The group’s lawsuit, filed in 2007, accused DCYF of violating certain constitutional and statutory rights afforded to all foster children under federal law.
The agency, the plaintiffs alleged, had failed to provide adequate foster maintenance payments and mandated levels of care and it hadn’t addressed high levels of “maltreatment.”
Those deficiencies, and others, had failed more than 1,800 children over the past six years, according to the lawsuit.
But the plaintiffs’ lawyers did not present testimony on any specific cases beyond the experiences of the two plaintiffs identified as Cassie, who was 17 at the time of the trial, and Danny, who was 11.
Lisi, who heard testimony in late 2013 and early 2014, found there was “nothing to suggest” that DCYF’s foster care harmed either one of them.
“…a review of the circumstances of Danny’s and Cassie’s history, placements, treatments, and services,” says Lisi’s decision, “does not support the … plaintiffs’ claims that DCYF’s acts or omissions caused any harm to either Danny or Cassie, that DCYF subjected them to unreasonable risks, or that it deprived them of their constitutional rights.”
One of the many ways that the state had failed Danny and Cassie involved their exposure to siblings in foster care, according to the suit.
Case files, they alleged, showed no documented visits between Danny and his brother between September 2006 and October 2007. The suit alleged that Cassie hadn’t been reunited with her sister after the two girls were placed in custody in separate homes.
But Lisi found that “none of the evidence presented during trial … supports” the contention that the two plaintiffs’ difficulties were “solely, if at all, attributable” to their experience in foster care.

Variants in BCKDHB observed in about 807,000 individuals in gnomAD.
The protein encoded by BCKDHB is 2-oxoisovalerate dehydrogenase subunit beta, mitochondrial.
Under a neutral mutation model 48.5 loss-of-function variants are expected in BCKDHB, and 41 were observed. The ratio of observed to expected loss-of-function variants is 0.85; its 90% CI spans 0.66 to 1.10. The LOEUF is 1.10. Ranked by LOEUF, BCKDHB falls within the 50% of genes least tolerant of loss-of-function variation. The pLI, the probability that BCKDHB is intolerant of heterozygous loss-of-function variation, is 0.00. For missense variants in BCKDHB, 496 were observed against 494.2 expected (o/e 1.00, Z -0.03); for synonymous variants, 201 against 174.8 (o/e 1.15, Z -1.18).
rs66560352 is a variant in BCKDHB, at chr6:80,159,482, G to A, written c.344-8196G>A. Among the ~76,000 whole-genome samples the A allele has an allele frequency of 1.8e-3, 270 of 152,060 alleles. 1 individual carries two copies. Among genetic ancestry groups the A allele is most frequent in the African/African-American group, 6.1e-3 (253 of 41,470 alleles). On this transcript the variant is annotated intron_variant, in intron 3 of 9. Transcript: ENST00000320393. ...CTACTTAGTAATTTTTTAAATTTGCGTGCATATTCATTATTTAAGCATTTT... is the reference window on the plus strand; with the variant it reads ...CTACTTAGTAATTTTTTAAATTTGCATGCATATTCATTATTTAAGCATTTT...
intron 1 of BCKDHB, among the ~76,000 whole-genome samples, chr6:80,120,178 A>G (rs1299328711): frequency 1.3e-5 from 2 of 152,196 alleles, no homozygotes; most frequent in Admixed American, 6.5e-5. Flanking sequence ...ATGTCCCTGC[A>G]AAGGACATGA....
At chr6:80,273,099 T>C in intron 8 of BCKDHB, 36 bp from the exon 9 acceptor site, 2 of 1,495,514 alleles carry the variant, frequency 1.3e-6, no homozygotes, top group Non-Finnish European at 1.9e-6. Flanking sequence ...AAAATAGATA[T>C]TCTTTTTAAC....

The plaintiffs also alleged that DCYF had not properly adjusted “basic foster care maintenance rates” — payments to cover food, clothing, shelter, and other reasonable costs. The rates have not been increased in more than a decade, even to adjust for inflation, say the lawyers.
But Lisi was not convinced by the testimony presented at trial. The calculations did not reflect the principle of economies of scale, says her decision.
Ira Lustbader, the associate director of Children’s Rights and one of the lead lawyers for the plaintiffs, said that the organization believes “the court has erred in its ruling.”
“It has denied abused-and-neglected kids any relief from one of the country’s most dangerous and broken foster care systems,” Lustbader said.
Children’s Rights is considering its options for appeal, said Lustbader.
He said his description of the system as dangerous is based on child maltreatment, reliance on institutions rather than family foster homes, heavy caseloads carried by caseworkers and slowness of investigations into situations of alleged abuse.
DCYF’s deputy director, Kevin Aucoin, declined to comment on the decision, referring a reporter to the office of Attorney General Peter F. Kilmartin, who lauded Lisi’s decision and also emphasized the “vital importance” of child welfare and caring for abused and neglected children.
“The care of these children is one of the most important responsibilities of the State,” Kilmartin said.
Source: Providence Journal